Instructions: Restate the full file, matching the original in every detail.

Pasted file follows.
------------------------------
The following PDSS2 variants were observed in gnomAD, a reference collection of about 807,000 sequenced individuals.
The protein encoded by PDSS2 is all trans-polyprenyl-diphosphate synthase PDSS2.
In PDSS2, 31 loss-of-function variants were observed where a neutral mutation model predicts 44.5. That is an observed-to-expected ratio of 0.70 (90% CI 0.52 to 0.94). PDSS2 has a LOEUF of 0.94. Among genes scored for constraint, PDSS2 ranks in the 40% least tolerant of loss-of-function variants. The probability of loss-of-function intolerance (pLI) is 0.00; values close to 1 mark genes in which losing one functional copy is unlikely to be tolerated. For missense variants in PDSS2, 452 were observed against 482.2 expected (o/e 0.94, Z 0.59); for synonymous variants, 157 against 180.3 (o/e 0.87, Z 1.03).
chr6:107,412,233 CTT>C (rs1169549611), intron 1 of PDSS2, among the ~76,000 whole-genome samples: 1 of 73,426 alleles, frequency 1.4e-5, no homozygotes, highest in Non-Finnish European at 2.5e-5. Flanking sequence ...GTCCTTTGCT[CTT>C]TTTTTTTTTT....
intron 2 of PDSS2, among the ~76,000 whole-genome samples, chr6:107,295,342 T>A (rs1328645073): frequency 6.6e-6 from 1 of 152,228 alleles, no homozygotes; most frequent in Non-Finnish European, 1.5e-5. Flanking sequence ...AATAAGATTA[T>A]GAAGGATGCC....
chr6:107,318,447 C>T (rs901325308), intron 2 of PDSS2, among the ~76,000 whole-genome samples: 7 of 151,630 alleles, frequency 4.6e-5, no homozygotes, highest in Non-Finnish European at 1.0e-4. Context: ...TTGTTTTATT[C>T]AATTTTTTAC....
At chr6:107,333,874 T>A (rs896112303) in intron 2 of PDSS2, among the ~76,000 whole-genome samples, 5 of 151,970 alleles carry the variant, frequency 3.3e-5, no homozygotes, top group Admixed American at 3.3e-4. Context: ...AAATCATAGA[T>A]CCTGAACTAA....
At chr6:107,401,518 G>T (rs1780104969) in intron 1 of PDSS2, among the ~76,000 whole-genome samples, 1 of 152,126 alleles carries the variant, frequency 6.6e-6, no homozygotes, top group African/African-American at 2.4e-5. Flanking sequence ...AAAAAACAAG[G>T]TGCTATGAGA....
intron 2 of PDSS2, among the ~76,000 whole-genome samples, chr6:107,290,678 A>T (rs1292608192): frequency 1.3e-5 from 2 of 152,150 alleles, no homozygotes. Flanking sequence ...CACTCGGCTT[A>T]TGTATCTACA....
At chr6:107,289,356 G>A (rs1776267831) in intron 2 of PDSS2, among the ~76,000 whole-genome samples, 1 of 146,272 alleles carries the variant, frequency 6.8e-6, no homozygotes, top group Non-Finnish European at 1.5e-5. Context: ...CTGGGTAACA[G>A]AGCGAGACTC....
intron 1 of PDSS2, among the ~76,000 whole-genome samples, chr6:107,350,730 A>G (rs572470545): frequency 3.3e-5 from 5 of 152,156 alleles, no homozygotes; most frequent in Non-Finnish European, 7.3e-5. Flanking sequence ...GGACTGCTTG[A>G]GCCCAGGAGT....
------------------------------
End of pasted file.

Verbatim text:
The following PDSS2 variants were observed in gnomAD, a reference collection of about 807,000 sequenced individuals.
The protein encoded by PDSS2 is all trans-polyprenyl-diphosphate synthase PDSS2.
In PDSS2, 31 loss-of-function variants were observed where a neutral mutation model predicts 44.5. That is an observed-to-expected ratio of 0.70 (90% CI 0.52 to 0.94). PDSS2 has a LOEUF of 0.94. Among genes scored for constraint, PDSS2 ranks in the 40% least tolerant of loss-of-function variants. The probability of loss-of-function intolerance (pLI) is 0.00; values close to 1 mark genes in which losing one functional copy is unlikely to be tolerated. For missense variants in PDSS2, 452 were observed against 482.2 expected (o/e 0.94, Z 0.59); for synonymous variants, 157 against 180.3 (o/e 0.87, Z 1.03).
chr6:107,412,233 CTT>C (rs1169549611), intron 1 of PDSS2, among the ~76,000 whole-genome samples: 1 of 73,426 alleles, frequency 1.4e-5, no homozygotes, highest in Non-Finnish European at 2.5e-5. Flanking sequence ...GTCCTTTGCT[CTT>C]TTTTTTTTTT....
intron 2 of PDSS2, among the ~76,000 whole-genome samples, chr6:107,295,342 T>A (rs1328645073): frequency 6.6e-6 from 1 of 152,228 alleles, no homozygotes; most frequent in Non-Finnish European, 1.5e-5. Flanking sequence ...AATAAGATTA[T>A]GAAGGATGCC....
chr6:107,318,447 C>T (rs901325308), intron 2 of PDSS2, among the ~76,000 whole-genome samples: 7 of 151,630 alleles, frequency 4.6e-5, no homozygotes, highest in Non-Finnish European at 1.0e-4. Context: ...TTGTTTTATT[C>T]AATTTTTTAC....
At chr6:107,333,874 T>A (rs896112303) in intron 2 of PDSS2, among the ~76,000 whole-genome samples, 5 of 151,970 alleles carry the variant, frequency 3.3e-5, no homozygotes, top group Admixed American at 3.3e-4. Context: ...AAATCATAGA[T>A]CCTGAACTAA....
At chr6:107,401,518 G>T (rs1780104969) in intron 1 of PDSS2, among the ~76,000 whole-genome samples, 1 of 152,126 alleles carries the variant, frequency 6.6e-6, no homozygotes, top group African/African-American at 2.4e-5. Flanking sequence ...AAAAAACAAG[G>T]TGCTATGAGA....
intron 2 of PDSS2, among the ~76,000 whole-genome samples, chr6:107,290,678 A>T (rs1292608192): frequency 1.3e-5 from 2 of 152,150 alleles, no homozygotes. Flanking sequence ...CACTCGGCTT[A>T]TGTATCTACA....
At chr6:107,289,356 G>A (rs1776267831) in intron 2 of PDSS2, among the ~76,000 whole-genome samples, 1 of 146,272 alleles carries the variant, frequency 6.8e-6, no homozygotes, top group Non-Finnish European at 1.5e-5. Context: ...CTGGGTAACA[G>A]AGCGAGACTC....
intron 1 of PDSS2, among the ~76,000 whole-genome samples, chr6:107,350,730 A>G (rs572470545): frequency 3.3e-5 from 5 of 152,156 alleles, no homozygotes; most frequent in Non-Finnish European, 7.3e-5. Flanking sequence ...GGACTGCTTG[A>G]GCCCAGGAGT....